Identity Theft: Ten Ways to Secure Your Computer

Part of the Identity Theft For Dummies Cheat Sheet

Being secure online is critical to protecting your identity. Mining the personal information that's on your computer is an identity thief's dream — not to mention all the personal information about you that's on the Internet. Make it harder for identity thieves to get this information by following these tips to secure your computer:

  • Use a firewall: A firewall blocks unauthorized access to your computer while allowing you access to the Internet. Windows comes with a built-in firewall.

    Make sure the built-in firewall is turned on in Windows 7 by clicking the Start button and then choosing Control Panel→System and Security→Action Center. On Windows Vista, click the Start button and then choose Control Panel→Windows Security Center.

  • Use an antivirus program: Antivirus programs help you prevent, detect, and remove viruses, Trojan horses, and other malware, such as adware and spyware. Several are available for free and purchase.

  • Use spyware blocking software: Spyware is a program that secretly collects information about you. Generally, spyware isn't dangerous, although some spyware contains viruses and other malware. Your antivirus program identifies spyware that's on your computer, tells you the threat level that the spyware poses, and gives you the chance to delete the spyware.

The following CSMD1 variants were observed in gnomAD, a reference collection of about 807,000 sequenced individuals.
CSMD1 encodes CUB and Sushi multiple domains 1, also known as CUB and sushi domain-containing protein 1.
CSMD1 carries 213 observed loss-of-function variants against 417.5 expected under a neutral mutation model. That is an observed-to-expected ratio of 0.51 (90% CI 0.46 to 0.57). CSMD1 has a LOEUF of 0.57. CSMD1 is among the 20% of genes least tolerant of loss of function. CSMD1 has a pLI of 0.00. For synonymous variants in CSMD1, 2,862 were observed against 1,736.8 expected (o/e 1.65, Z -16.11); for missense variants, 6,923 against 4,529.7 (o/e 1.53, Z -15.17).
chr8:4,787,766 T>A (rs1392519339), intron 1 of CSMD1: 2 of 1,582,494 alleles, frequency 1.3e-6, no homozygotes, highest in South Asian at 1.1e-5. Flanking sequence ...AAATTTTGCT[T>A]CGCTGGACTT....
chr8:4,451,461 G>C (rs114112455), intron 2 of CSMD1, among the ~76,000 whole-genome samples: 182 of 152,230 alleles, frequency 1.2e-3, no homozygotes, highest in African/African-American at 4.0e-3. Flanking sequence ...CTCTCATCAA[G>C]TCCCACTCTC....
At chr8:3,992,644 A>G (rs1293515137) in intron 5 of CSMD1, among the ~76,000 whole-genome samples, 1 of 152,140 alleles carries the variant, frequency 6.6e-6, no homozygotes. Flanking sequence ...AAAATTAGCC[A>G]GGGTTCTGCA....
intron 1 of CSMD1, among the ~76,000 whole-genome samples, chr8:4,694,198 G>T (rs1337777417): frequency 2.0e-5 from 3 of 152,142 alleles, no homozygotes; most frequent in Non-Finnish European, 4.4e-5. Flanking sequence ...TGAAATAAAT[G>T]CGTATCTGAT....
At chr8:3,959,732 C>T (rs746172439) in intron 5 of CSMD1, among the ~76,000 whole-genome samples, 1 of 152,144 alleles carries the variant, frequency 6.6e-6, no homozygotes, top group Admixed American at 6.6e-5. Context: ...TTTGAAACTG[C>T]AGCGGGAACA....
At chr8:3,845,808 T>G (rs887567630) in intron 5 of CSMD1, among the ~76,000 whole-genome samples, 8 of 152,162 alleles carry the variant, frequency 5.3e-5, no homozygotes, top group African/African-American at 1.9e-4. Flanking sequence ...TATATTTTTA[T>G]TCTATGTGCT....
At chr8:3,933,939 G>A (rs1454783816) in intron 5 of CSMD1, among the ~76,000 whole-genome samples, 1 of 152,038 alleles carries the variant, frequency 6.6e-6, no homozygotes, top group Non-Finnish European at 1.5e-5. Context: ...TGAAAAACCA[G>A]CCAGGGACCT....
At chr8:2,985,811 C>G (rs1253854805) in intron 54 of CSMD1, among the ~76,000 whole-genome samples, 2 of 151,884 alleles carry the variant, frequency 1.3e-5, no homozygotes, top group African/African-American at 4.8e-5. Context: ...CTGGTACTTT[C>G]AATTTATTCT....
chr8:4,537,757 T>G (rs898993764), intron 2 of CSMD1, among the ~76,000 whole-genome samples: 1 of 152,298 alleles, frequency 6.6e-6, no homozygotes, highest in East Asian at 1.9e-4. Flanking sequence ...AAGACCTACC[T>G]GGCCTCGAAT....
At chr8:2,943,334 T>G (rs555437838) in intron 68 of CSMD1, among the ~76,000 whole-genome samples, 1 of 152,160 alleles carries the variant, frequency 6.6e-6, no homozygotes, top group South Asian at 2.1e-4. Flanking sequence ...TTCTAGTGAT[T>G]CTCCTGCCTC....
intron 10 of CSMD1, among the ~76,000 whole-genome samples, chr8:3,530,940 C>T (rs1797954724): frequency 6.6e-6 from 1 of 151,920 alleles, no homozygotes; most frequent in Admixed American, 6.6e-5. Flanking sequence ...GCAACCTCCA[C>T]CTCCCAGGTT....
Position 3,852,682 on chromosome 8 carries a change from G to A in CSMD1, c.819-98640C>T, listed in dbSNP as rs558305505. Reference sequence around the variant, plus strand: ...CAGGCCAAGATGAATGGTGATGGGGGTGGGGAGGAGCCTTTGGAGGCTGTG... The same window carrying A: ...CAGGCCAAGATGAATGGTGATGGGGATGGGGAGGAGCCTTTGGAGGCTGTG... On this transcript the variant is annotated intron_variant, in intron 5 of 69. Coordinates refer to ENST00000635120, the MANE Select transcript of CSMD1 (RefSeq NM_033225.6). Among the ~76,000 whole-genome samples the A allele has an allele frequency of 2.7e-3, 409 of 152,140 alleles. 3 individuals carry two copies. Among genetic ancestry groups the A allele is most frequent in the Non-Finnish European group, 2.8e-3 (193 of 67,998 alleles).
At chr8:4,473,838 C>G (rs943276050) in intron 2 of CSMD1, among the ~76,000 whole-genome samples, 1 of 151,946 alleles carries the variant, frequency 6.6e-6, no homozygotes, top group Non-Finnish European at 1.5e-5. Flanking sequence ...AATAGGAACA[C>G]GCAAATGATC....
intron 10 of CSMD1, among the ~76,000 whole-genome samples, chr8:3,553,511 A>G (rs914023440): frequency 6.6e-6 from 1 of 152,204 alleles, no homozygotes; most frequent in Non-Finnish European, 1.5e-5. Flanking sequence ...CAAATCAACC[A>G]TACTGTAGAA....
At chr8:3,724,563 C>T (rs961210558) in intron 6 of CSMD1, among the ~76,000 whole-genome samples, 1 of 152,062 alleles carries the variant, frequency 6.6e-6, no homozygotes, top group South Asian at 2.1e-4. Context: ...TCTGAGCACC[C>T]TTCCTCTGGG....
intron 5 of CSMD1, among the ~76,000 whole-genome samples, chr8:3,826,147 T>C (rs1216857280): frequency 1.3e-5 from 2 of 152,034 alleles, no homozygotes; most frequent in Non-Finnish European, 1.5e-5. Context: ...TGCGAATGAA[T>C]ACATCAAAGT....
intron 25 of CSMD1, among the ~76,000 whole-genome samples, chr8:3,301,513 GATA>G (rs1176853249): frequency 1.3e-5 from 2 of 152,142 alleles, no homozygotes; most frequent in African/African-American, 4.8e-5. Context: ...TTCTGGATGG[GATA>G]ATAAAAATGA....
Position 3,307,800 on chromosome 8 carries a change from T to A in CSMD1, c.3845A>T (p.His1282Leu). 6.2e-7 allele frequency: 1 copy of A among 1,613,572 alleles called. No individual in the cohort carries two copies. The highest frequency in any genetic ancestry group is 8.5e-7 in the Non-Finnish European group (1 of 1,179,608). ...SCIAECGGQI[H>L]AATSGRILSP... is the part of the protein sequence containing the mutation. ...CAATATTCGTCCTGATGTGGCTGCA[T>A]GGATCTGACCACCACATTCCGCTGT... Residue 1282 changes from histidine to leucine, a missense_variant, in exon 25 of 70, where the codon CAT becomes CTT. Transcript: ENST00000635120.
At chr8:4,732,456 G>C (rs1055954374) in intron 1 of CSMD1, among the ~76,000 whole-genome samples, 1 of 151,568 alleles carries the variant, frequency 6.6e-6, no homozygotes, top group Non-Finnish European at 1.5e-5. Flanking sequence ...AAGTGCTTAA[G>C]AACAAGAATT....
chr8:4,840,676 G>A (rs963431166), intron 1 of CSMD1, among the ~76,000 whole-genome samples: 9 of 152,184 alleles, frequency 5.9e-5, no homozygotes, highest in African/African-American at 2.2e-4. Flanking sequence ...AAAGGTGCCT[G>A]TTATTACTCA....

• Install updates to your Windows operating system (OS): These updates are sometimes referred to as hot fixes or patches. These updates come from Microsoft and are important to fix any security holes that may be present in the Windows OS. Using Automatic Updates ensures that your system is up to date and all the latest patches are installed, and you don't have to think about it after you turn on Automatic Updates.

  • Password-protect guest accounts: Do not leave the guest password account without a name and password. This could allow someone to set up their own guest user name and password.

  • Use strong passwords: Creating strong passwords helps prevent thieves from guessing your passwords. Use at least six characters and include upper- and lowercase letter, numbers, and non-alphabetic characters (!, #, %, &, $). Change your passwords at least every 90 days.

  • Use encryption: Encryption scrambles the text so that it can't be read without decrypting it, and you need a key (or password) to do that. Several encryption programs are available for purchase. The cost of the program is likely worth the extra level of protection that encryption provides.

  • Increase browser security settings: In Internet Explorer, choose Tools→Internet Options; in the dialog box that appears, choose the Security tab. Here you can choose a security level (Medium, Medium-High, High, or Custom).

    In Firefox, choose Tools→Options. Here you find various tabs (Content, Privacy, and Security) where you can adjust security settings.

  • Protect your shared files:

    1. Choose Start→Run, and then type regedit and click OK.

    2. Navigate to HKEY_LOCAL_MACHINE\System\CurrentControlSet\Services\lanmanserver\parameters.

    3. Type the value word autosharewks and enter a value of 0.

    4. Restart your computer.

  • Do not open or reply to unknown e-mails: E-mail attachments are used to carry viruses and Trojan horses, so don't open e-mail attachments from unknown senders. Messages to be especially wary of are ones that go to your junk mail account. These messages can often come from unfriendly sources — the type that would send you a virus in an e-mail.

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